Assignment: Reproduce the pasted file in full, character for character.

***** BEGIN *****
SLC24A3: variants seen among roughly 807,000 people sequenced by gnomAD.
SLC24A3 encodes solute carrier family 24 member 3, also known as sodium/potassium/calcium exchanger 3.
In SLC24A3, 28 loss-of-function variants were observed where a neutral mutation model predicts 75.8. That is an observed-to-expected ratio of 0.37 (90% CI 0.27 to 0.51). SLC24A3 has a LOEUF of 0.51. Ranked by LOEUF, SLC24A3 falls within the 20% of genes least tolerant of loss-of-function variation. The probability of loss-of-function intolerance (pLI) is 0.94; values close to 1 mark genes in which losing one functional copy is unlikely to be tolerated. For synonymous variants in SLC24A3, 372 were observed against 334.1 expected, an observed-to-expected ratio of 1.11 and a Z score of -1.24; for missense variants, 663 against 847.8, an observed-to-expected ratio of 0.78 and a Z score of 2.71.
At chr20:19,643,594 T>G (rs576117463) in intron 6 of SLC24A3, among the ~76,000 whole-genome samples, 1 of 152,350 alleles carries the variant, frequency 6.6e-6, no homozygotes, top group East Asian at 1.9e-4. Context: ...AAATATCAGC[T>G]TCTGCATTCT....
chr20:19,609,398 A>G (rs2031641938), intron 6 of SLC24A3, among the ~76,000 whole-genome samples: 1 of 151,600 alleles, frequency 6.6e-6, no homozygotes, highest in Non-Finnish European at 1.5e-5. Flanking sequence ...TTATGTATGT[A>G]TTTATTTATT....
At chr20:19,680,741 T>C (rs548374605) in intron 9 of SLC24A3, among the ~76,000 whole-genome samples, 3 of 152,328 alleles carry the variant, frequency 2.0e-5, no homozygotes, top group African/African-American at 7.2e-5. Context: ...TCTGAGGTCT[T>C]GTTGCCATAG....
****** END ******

SLC24A3: variants seen among roughly 807,000 people sequenced by gnomAD.
SLC24A3 encodes solute carrier family 24 member 3, also known as sodium/potassium/calcium exchanger 3.
In SLC24A3, 28 loss-of-function variants were observed where a neutral mutation model predicts 75.8. That is an observed-to-expected ratio of 0.37 (90% CI 0.27 to 0.51). SLC24A3 has a LOEUF of 0.51. Ranked by LOEUF, SLC24A3 falls within the 20% of genes least tolerant of loss-of-function variation. The probability of loss-of-function intolerance (pLI) is 0.94; values close to 1 mark genes in which losing one functional copy is unlikely to be tolerated. For synonymous variants in SLC24A3, 372 were observed against 334.1 expected, an observed-to-expected ratio of 1.11 and a Z score of -1.24; for missense variants, 663 against 847.8, an observed-to-expected ratio of 0.78 and a Z score of 2.71.
At chr20:19,643,594 T>G (rs576117463) in intron 6 of SLC24A3, among the ~76,000 whole-genome samples, 1 of 152,350 alleles carries the variant, frequency 6.6e-6, no homozygotes, top group East Asian at 1.9e-4. Context: ...AAATATCAGC[T>G]TCTGCATTCT....
chr20:19,609,398 A>G (rs2031641938), intron 6 of SLC24A3, among the ~76,000 whole-genome samples: 1 of 151,600 alleles, frequency 6.6e-6, no homozygotes, highest in Non-Finnish European at 1.5e-5. Flanking sequence ...TTATGTATGT[A>G]TTTATTTATT....
At chr20:19,680,741 T>C (rs548374605) in intron 9 of SLC24A3, among the ~76,000 whole-genome samples, 3 of 152,328 alleles carry the variant, frequency 2.0e-5, no homozygotes, top group African/African-American at 7.2e-5. Context: ...TCTGAGGTCT[T>C]GTTGCCATAG....